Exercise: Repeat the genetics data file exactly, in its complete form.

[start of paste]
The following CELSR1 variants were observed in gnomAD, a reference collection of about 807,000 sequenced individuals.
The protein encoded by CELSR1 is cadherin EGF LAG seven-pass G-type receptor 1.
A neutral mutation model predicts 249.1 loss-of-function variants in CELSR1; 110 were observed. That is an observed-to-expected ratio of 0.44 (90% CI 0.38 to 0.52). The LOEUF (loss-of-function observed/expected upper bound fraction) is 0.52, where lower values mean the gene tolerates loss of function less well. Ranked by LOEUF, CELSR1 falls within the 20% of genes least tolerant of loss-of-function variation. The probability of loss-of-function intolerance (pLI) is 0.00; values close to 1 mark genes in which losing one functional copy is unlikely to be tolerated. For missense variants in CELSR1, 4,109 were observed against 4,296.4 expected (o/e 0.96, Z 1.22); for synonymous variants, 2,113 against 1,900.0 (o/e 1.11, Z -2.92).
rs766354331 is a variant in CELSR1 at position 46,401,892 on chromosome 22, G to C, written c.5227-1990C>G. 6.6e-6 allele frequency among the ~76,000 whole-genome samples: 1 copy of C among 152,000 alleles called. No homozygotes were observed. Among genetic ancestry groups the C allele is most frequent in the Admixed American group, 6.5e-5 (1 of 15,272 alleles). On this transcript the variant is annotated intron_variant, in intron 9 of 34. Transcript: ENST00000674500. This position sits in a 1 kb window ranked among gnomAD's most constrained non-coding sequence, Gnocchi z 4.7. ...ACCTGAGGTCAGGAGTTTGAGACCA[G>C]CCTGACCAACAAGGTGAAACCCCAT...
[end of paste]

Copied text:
The following CELSR1 variants were observed in gnomAD, a reference collection of about 807,000 sequenced individuals.
The protein encoded by CELSR1 is cadherin EGF LAG seven-pass G-type receptor 1.
A neutral mutation model predicts 249.1 loss-of-function variants in CELSR1; 110 were observed. That is an observed-to-expected ratio of 0.44 (90% CI 0.38 to 0.52). The LOEUF (loss-of-function observed/expected upper bound fraction) is 0.52, where lower values mean the gene tolerates loss of function less well. Ranked by LOEUF, CELSR1 falls within the 20% of genes least tolerant of loss-of-function variation. The probability of loss-of-function intolerance (pLI) is 0.00; values close to 1 mark genes in which losing one functional copy is unlikely to be tolerated. For missense variants in CELSR1, 4,109 were observed against 4,296.4 expected (o/e 0.96, Z 1.22); for synonymous variants, 2,113 against 1,900.0 (o/e 1.11, Z -2.92).
rs766354331 is a variant in CELSR1 at position 46,401,892 on chromosome 22, G to C, written c.5227-1990C>G. 6.6e-6 allele frequency among the ~76,000 whole-genome samples: 1 copy of C among 152,000 alleles called. No homozygotes were observed. Among genetic ancestry groups the C allele is most frequent in the Admixed American group, 6.5e-5 (1 of 15,272 alleles). On this transcript the variant is annotated intron_variant, in intron 9 of 34. Transcript: ENST00000674500. This position sits in a 1 kb window ranked among gnomAD's most constrained non-coding sequence, Gnocchi z 4.7. ...ACCTGAGGTCAGGAGTTTGAGACCA[G>C]CCTGACCAACAAGGTGAAACCCCAT...